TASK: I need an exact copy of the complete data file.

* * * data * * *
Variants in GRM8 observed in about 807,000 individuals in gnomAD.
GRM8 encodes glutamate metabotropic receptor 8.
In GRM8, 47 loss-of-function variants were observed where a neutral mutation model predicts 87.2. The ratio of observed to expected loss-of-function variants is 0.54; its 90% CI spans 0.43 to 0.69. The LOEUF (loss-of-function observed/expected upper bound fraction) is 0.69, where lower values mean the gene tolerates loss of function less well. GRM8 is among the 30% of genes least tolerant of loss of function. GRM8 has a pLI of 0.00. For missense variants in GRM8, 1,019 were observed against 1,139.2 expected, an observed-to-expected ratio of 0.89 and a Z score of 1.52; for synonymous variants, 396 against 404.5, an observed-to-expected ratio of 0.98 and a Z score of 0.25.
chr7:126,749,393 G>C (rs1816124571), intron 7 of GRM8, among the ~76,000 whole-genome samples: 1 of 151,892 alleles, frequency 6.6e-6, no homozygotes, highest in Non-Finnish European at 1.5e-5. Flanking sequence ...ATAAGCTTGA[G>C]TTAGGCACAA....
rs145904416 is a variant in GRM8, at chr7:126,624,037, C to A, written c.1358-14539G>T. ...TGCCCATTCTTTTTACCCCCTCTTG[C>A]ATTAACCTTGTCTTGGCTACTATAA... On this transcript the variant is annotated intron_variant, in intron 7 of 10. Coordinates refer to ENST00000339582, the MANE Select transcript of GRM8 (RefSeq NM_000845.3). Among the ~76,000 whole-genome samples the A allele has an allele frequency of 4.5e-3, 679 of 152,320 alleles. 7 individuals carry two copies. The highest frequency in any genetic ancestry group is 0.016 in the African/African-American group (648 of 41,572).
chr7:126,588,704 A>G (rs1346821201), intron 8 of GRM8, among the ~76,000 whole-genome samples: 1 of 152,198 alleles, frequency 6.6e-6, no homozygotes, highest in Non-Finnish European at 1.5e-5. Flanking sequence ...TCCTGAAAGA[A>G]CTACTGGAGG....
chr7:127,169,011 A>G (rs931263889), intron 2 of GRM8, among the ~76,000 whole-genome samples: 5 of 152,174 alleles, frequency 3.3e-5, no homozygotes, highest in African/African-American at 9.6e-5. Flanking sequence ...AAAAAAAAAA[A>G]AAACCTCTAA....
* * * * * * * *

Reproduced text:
Variants in GRM8 observed in about 807,000 individuals in gnomAD.
GRM8 encodes glutamate metabotropic receptor 8.
In GRM8, 47 loss-of-function variants were observed where a neutral mutation model predicts 87.2. The ratio of observed to expected loss-of-function variants is 0.54; its 90% CI spans 0.43 to 0.69. The LOEUF (loss-of-function observed/expected upper bound fraction) is 0.69, where lower values mean the gene tolerates loss of function less well. GRM8 is among the 30% of genes least tolerant of loss of function. GRM8 has a pLI of 0.00. For missense variants in GRM8, 1,019 were observed against 1,139.2 expected, an observed-to-expected ratio of 0.89 and a Z score of 1.52; for synonymous variants, 396 against 404.5, an observed-to-expected ratio of 0.98 and a Z score of 0.25.
chr7:126,749,393 G>C (rs1816124571), intron 7 of GRM8, among the ~76,000 whole-genome samples: 1 of 151,892 alleles, frequency 6.6e-6, no homozygotes, highest in Non-Finnish European at 1.5e-5. Flanking sequence ...ATAAGCTTGA[G>C]TTAGGCACAA....
rs145904416 is a variant in GRM8, at chr7:126,624,037, C to A, written c.1358-14539G>T. ...TGCCCATTCTTTTTACCCCCTCTTG[C>A]ATTAACCTTGTCTTGGCTACTATAA... On this transcript the variant is annotated intron_variant, in intron 7 of 10. Coordinates refer to ENST00000339582, the MANE Select transcript of GRM8 (RefSeq NM_000845.3). Among the ~76,000 whole-genome samples the A allele has an allele frequency of 4.5e-3, 679 of 152,320 alleles. 7 individuals carry two copies. The highest frequency in any genetic ancestry group is 0.016 in the African/African-American group (648 of 41,572).
chr7:126,588,704 A>G (rs1346821201), intron 8 of GRM8, among the ~76,000 whole-genome samples: 1 of 152,198 alleles, frequency 6.6e-6, no homozygotes, highest in Non-Finnish European at 1.5e-5. Flanking sequence ...TCCTGAAAGA[A>G]CTACTGGAGG....
chr7:127,169,011 A>G (rs931263889), intron 2 of GRM8, among the ~76,000 whole-genome samples: 5 of 152,174 alleles, frequency 3.3e-5, no homozygotes, highest in African/African-American at 9.6e-5. Flanking sequence ...AAAAAAAAAA[A>G]AAACCTCTAA....